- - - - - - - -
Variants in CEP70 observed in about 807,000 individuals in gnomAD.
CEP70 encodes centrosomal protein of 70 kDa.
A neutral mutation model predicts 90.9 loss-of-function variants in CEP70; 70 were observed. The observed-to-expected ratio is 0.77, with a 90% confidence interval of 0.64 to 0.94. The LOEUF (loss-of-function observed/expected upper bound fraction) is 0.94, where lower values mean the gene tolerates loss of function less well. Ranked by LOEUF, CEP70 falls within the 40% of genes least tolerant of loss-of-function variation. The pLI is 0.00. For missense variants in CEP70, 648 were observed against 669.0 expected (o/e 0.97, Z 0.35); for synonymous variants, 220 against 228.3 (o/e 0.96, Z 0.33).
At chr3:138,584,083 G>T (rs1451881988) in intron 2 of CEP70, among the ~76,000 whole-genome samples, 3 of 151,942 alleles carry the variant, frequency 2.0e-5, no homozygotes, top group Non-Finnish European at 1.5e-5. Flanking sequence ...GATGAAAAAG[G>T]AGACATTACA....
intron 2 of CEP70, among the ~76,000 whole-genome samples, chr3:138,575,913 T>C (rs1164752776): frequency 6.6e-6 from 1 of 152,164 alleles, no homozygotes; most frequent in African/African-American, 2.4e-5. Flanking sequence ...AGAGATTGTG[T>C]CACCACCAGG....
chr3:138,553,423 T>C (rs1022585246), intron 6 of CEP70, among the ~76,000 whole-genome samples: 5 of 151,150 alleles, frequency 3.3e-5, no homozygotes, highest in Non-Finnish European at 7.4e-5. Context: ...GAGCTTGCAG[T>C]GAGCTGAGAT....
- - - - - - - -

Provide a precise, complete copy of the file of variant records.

Variants in CEP70 observed in about 807,000 individuals in gnomAD.
CEP70 encodes centrosomal protein of 70 kDa.
A neutral mutation model predicts 90.9 loss-of-function variants in CEP70; 70 were observed. The observed-to-expected ratio is 0.77, with a 90% confidence interval of 0.64 to 0.94. The LOEUF (loss-of-function observed/expected upper bound fraction) is 0.94, where lower values mean the gene tolerates loss of function less well. Ranked by LOEUF, CEP70 falls within the 40% of genes least tolerant of loss-of-function variation. The pLI is 0.00. For missense variants in CEP70, 648 were observed against 669.0 expected (o/e 0.97, Z 0.35); for synonymous variants, 220 against 228.3 (o/e 0.96, Z 0.33).
At chr3:138,584,083 G>T (rs1451881988) in intron 2 of CEP70, among the ~76,000 whole-genome samples, 3 of 151,942 alleles carry the variant, frequency 2.0e-5, no homozygotes, top group Non-Finnish European at 1.5e-5. Flanking sequence ...GATGAAAAAG[G>T]AGACATTACA....
intron 2 of CEP70, among the ~76,000 whole-genome samples, chr3:138,575,913 T>C (rs1164752776): frequency 6.6e-6 from 1 of 152,164 alleles, no homozygotes; most frequent in African/African-American, 2.4e-5. Flanking sequence ...AGAGATTGTG[T>C]CACCACCAGG....
chr3:138,553,423 T>C (rs1022585246), intron 6 of CEP70, among the ~76,000 whole-genome samples: 5 of 151,150 alleles, frequency 3.3e-5, no homozygotes, highest in Non-Finnish European at 7.4e-5. Context: ...GAGCTTGCAG[T>C]GAGCTGAGAT....